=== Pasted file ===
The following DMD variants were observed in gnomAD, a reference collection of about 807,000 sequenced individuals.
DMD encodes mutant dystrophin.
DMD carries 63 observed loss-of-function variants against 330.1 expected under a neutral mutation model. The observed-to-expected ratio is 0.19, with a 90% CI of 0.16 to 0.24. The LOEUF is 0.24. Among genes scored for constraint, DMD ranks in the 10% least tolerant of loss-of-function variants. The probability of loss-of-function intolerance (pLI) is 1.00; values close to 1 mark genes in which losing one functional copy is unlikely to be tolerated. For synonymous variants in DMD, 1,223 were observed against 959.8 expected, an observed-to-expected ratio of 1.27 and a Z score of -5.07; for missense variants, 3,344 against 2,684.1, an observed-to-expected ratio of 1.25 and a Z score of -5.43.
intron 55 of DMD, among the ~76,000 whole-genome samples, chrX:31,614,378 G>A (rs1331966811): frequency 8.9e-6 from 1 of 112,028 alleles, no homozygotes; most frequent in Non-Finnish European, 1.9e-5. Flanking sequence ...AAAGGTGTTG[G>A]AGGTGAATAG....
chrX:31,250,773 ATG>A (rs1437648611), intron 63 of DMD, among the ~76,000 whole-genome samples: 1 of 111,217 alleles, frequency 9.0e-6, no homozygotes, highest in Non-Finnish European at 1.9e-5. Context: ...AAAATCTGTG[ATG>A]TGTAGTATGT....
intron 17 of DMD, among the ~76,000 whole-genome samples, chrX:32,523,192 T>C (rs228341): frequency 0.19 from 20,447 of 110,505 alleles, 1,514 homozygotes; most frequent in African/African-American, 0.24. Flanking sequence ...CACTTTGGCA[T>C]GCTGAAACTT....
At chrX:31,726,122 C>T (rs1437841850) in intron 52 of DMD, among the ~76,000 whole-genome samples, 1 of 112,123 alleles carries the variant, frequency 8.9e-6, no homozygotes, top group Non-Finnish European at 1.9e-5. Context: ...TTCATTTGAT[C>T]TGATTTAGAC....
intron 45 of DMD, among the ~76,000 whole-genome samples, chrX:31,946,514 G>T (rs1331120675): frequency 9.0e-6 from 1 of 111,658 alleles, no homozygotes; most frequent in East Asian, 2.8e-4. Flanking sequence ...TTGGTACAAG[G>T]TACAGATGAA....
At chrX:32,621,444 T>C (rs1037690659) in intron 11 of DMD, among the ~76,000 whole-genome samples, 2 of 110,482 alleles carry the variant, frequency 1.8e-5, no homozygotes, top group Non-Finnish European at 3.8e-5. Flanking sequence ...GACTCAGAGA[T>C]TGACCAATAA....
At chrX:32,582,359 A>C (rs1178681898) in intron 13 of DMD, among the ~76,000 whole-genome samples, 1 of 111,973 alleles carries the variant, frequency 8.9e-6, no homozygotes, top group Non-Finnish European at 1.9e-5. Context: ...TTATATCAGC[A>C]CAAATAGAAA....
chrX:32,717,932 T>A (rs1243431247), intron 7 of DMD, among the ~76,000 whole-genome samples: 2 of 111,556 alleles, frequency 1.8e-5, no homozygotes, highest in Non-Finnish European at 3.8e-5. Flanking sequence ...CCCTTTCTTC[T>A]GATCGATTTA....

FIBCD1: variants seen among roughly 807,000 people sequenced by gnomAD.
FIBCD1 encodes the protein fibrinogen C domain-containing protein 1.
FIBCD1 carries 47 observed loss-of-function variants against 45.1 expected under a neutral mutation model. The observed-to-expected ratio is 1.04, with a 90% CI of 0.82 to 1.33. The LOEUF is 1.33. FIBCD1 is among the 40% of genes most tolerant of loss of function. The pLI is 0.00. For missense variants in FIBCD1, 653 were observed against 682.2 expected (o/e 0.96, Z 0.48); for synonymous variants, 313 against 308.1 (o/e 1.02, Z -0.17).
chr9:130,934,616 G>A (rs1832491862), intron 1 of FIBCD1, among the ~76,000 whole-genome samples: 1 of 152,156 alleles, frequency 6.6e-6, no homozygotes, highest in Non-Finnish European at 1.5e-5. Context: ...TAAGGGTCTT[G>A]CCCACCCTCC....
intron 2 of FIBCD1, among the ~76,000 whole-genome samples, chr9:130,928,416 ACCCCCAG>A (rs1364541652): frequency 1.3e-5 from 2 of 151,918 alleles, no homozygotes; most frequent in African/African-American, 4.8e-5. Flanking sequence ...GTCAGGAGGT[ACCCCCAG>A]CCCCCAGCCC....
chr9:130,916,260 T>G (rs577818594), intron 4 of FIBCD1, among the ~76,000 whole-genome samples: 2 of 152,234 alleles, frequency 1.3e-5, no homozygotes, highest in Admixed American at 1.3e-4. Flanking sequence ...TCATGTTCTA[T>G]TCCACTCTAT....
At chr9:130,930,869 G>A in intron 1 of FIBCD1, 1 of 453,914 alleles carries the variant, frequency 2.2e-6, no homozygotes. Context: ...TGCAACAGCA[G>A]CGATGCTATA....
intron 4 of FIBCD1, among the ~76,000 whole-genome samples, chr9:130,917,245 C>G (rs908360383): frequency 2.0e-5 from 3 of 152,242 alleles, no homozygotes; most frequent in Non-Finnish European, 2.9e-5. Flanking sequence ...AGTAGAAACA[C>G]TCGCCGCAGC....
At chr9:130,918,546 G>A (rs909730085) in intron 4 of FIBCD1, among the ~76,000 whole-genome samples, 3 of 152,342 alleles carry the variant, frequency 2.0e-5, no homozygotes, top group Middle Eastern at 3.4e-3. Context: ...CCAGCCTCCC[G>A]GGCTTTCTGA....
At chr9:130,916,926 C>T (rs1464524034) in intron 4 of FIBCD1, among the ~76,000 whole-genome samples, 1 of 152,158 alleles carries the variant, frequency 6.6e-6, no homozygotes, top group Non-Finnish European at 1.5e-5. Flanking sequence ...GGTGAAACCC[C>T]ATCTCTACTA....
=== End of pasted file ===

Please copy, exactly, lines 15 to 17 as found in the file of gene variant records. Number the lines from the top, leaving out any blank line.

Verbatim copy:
chr9:130,934,616 G>A (rs1832491862), intron 1 of FIBCD1, among the ~76,000 whole-genome samples: 1 of 152,156 alleles, frequency 6.6e-6, no homozygotes, highest in Non-Finnish European at 1.5e-5. Context: ...TAAGGGTCTT[G>A]CCCACCCTCC....
intron 2 of FIBCD1, among the ~76,000 whole-genome samples, chr9:130,928,416 ACCCCCAG>A (rs1364541652): frequency 1.3e-5 from 2 of 151,918 alleles, no homozygotes; most frequent in African/African-American, 4.8e-5. Flanking sequence ...GTCAGGAGGT[ACCCCCAG>A]CCCCCAGCCC....
chr9:130,916,260 T>G (rs577818594), intron 4 of FIBCD1, among the ~76,000 whole-genome samples: 2 of 152,234 alleles, frequency 1.3e-5, no homozygotes, highest in Admixed American at 1.3e-4. Flanking sequence ...TCATGTTCTA[T>G]TCCACTCTAT....